It will be interesting to see who will win the battle for nerd money between Sin City and Sith, and it will be interesting to see who gets more 3-D screens, Clones or Mermaid, but clearly Fox is trying to get the contentious prequels out of the way so that they can get to the undoubtedly more profitable 3-D re-release of the original trilogy.
Valentine’s may be over and the rejection may have worn off for some, but John Carter is not getting a break. Disney execs are scurrying around in panic this afternoon after the results of John Carter’s tracking numbers were leaked to the press. Deadline reported the results as follows:
“2 unaided, 53 aware, 27 definitely interested, 3 first choice….Women of all ages have flat out rejected the film.”
Now the most interesting part of the quote, seems to be the last. John Carter was not the official title of the film. This film initially went by the original title “Princess of Mars” due to the film being based on the first book of Edgar Rice Burroughs Barsom series. When books are being made into film it is custom to keep the title so as to attract the fan base that the book has and add to the fan base. Disney did not seem to go in that direction, which is odd seeing as they’ve made book based films such as: The Chronicles of Narnia, Alice in Wonderland, The Nightmare Before Christmas, The Little Mermaid, and so on.
When asked on the reason for the changed title Writer/Director Andrew Stanton said in an interview:
“Here’s the real truth of it, I’d already changed it from A Princess Of Mars to John Carter Of Mars. I don’t like to get fixated on it, but I changed Princess Of Mars…because not a single boy would go,” he said. “And then the other truth is, no girl would go to see John Carter Of Mars. So I said, ‘I don’t won’t to do anything out of fear, I hate doing things out of fear, but I can’t ignore that truth.”
Stanton and the Disney may be gritting their teeth because this minor mistake in titling could cost them more money than they expected. Due to the tracking study, the film is estimated to gain only $100 million even though the film cost about $250 million to produce. With a loss this great and the film’s release coming up; there really isn’t much to do, but wait and see what the final results are.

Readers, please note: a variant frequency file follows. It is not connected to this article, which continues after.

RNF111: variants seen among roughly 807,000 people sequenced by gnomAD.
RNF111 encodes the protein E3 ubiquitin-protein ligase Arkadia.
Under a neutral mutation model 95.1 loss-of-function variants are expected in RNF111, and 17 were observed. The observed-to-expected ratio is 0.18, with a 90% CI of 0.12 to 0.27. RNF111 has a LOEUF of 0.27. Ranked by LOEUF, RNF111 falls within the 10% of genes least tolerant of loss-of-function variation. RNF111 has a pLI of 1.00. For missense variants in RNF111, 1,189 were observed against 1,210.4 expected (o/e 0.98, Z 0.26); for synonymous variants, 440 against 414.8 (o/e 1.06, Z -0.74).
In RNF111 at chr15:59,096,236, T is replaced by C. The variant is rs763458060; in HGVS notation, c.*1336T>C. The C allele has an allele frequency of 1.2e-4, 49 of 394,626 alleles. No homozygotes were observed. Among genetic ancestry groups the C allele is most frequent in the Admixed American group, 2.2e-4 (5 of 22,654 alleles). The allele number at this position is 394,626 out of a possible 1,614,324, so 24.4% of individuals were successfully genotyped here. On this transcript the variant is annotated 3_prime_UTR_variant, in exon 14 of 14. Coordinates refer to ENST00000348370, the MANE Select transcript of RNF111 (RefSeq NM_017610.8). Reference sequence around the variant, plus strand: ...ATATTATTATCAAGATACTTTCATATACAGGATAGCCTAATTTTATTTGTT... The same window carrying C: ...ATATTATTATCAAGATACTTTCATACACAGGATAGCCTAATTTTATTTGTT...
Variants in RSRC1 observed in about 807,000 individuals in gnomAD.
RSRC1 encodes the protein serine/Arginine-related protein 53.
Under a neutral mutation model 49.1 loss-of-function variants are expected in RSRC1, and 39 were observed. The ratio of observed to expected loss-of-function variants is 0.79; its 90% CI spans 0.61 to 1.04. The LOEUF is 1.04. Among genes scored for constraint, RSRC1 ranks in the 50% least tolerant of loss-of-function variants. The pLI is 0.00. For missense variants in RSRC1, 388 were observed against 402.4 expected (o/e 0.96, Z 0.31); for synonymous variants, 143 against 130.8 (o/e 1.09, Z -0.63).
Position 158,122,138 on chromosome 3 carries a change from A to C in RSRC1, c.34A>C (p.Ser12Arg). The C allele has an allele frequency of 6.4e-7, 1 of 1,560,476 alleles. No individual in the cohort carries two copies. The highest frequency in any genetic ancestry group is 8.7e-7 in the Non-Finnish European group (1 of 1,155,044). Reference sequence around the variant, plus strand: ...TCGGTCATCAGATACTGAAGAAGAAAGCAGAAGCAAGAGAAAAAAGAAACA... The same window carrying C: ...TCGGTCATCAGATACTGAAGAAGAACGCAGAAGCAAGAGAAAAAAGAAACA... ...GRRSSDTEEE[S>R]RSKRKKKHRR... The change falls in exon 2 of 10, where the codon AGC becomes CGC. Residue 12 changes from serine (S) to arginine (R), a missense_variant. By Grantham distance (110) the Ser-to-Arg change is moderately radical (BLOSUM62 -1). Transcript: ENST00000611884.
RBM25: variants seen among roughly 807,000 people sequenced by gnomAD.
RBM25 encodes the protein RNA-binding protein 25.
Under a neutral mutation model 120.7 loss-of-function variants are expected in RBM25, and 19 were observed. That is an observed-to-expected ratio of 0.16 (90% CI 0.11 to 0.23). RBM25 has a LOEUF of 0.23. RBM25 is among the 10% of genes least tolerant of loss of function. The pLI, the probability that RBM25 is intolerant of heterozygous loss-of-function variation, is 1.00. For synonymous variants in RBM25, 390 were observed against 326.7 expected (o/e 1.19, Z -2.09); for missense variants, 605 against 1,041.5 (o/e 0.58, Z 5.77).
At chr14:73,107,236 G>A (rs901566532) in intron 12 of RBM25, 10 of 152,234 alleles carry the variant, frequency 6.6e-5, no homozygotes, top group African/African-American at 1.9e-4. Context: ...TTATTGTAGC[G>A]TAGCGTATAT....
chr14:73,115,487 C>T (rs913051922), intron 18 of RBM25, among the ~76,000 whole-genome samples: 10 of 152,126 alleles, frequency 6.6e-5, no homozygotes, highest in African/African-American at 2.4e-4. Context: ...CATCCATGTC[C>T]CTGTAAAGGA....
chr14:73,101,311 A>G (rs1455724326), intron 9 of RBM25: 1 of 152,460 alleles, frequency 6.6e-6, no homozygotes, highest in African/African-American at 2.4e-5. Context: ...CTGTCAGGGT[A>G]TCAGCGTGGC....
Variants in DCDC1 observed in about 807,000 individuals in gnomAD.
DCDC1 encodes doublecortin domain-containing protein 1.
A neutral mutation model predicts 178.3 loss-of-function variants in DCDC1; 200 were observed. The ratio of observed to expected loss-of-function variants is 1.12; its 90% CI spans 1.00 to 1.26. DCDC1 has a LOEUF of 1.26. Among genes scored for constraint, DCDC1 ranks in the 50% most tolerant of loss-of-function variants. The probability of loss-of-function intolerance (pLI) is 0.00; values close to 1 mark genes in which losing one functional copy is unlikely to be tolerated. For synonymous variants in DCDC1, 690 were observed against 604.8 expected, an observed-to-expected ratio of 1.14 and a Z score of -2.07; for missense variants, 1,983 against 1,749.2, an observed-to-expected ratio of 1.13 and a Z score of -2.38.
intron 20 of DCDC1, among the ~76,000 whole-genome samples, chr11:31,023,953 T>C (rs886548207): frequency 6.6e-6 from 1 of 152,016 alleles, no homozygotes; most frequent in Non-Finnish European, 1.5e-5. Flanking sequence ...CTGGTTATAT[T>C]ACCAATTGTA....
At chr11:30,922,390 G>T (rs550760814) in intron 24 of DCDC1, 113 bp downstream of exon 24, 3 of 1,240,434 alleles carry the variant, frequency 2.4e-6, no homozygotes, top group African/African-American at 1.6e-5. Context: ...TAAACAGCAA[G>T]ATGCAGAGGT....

John Carter, while being initially appealing last year seems to be losing steam and after taking from it the one thing that made it unique due to gender preference and, from what the company has divulged, is the sloppy seconds of someone else’s project. A representative from Disney was quoted as saying:
“We’re not running away from the movie. Our job is to sell it.”
They will have to come up with a new strategy to sell this film, and that will be a hard thing to do in three weeks. But hey, this is the company of dreamers and the imaginative types so this could work out. John Carter, starring Taylor Kitsch, Bryan Cranston, Lynn Collins, and Mark Strong, hits theaters March 9.
Internet has been kind for folks that has artistic skills and ideas for being the place to have them show their creation off while all I have to show was my old manga scanlations done on MS Paint. Juan Pablo Bravo, who did this awesome Pixar Character Size Chart, stepped his game up and jumped from two hundred characters to two hundred and fifty. He has them listed in order from the film’s release date and although it’s an estimation of their height, I say its pretty exact. Check the massive the picture out as it may listed an old movie you may have forgotten. Also, stop by Bravo’s page to look up some other things he has done.